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The more PC (politicly correct) something is the more offensive it is, the act of not using the word implies that it is offensive which then makes it offensive. being a metaphor 'brainstorming' can be interpreted in different ways, given the context of its use dictates wether it is offensive or not. I don't believe that it is an offensive term, and I would laugh if someone asked me if I'd been brainstorming recently (obviously directed as of meaning having had a seizure).... I have a dark sense of humour, its the only way. lol thought showers! But I suppose it depends on how sensitive an individual is as to wether they find it offensive or not.
 

Ruth

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Nice to meet you goldfinch,

If someone asked me if I had been brainstorming recently, I would tell them that I am not that smart. I do not brainstorm, as a rule. Maybe I do and I do not know it.

Does doing research mean that I am brainstorming?
 
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told that he is not allowed to use the term "brainstorm" anymore, and must use "idea showers" instead. The reason? It’s offensive to people with epilepsy...
OMG "idea showers"??! That's ridiculous!
I'm actually offended that someone would think I would be offended by that term. lol.
 
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PFunk

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I feel that every generation finds the previous generations terms offensive. How long will it be until the term “special needs” is found offensive. You could argue everyone has special needs so why would you single out people with developmental issues.
 

Crash

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No,not in the slightest,but as we are all diffirent and have our own uniqe personalitys then some people might.I can think off a lot more deograty words than brainstoming,
 

Elaine H

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"Brainstorming" isn't at all offensive being called an "Epileptic" is extremely offensive!!!! That's why it's a word that is no longer in the medical vocabulary of the British Medical authorities,thankfully!
 

qtowngirl

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"Brainstorming" isn't at all offensive being called an "Epileptic" is extremely offensive!!!! That's why it's a word that is no longer in the medical vocabulary of the British Medical authorities,thankfully!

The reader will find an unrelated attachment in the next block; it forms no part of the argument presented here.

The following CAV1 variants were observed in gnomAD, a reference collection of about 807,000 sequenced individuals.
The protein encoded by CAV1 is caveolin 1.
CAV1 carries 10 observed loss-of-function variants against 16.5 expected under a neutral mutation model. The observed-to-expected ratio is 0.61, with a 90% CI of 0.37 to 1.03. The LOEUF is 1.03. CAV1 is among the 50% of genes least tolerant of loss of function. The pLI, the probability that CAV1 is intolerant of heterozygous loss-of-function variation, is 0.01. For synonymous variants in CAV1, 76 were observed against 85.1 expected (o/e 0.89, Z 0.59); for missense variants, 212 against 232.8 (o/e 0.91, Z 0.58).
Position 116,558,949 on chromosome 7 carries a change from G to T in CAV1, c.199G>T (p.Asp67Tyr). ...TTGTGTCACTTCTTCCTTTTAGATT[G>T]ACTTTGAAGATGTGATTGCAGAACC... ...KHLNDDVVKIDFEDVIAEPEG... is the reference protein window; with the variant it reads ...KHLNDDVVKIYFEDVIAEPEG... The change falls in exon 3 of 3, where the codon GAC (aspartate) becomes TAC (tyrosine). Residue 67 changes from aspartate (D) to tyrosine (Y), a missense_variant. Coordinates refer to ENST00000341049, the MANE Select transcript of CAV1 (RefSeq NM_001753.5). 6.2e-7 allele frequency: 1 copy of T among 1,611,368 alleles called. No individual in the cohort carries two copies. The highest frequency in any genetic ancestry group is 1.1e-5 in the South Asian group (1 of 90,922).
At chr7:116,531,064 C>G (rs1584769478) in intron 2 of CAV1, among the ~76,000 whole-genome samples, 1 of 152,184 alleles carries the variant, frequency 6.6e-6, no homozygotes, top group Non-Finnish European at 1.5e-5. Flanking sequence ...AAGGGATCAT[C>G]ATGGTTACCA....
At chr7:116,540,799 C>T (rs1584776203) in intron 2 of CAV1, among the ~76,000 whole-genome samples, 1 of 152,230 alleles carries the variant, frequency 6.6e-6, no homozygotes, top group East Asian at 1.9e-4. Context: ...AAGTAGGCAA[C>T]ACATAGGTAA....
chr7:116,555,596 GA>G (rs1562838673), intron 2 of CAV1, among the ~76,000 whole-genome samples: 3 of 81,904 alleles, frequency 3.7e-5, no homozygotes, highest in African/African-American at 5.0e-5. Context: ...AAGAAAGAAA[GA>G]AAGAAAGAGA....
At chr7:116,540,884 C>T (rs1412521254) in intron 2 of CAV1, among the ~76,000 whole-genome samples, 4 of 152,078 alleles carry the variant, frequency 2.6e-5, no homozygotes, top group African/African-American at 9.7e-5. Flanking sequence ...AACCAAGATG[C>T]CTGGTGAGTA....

You're so right Elaine, I HATE the word epileptic. I've noticed many other members have said the same thing from time to time. It's just an ugly word no matter how you look at it.
 

libbyl

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Brainstorming is actually what we all are doing here.Giving each other support and advice that may be useful.
 

Ruth

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"Brainstorming" isn't at all offensive being called an "Epileptic" is extremely offensive!!!! That's why it's a word that is no longer in the medical vocabulary of the British Medical authorities,thankfully!
Elaine, what do you use for the adjective for epilepsy in the UK? I try to avoid using the word "epileptic" because it is offensive to some people. I do not want to use a word that offends even one person.

I have to figure out how to use the word "epilepsy" as a noun every time I write a sentence. I have to avoid the adjective, "epileptic." :ponder:

Now, we are Brain Storming.
 
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Elaine, what do you use for the adjective for epilepsy in the UK? I try to avoid using the word "epileptic" because it is offensive to some people. I do not want to use a word that offends even one person.

I have to figure out how to use the word "epilepsy" as a noun every time I write a sentence. I have to avoid the adjective, "epileptic." :ponder:

Now, we are Brain Storming.
Saying that I'm is Epileptic isn't offensive to me, but saying I am AN Epileptic is offensive. It seems to be the same thing almost, but the second one, calling someone AN epileptic, is like saying that the person's only definition or identity is a person that has Epilepsy. Saying that someone is Epileptic doesn't have the connotation of identity. I don't know if that makes sense to other people. I tried to explain the same thing to my mom once, and she just looked at me weird.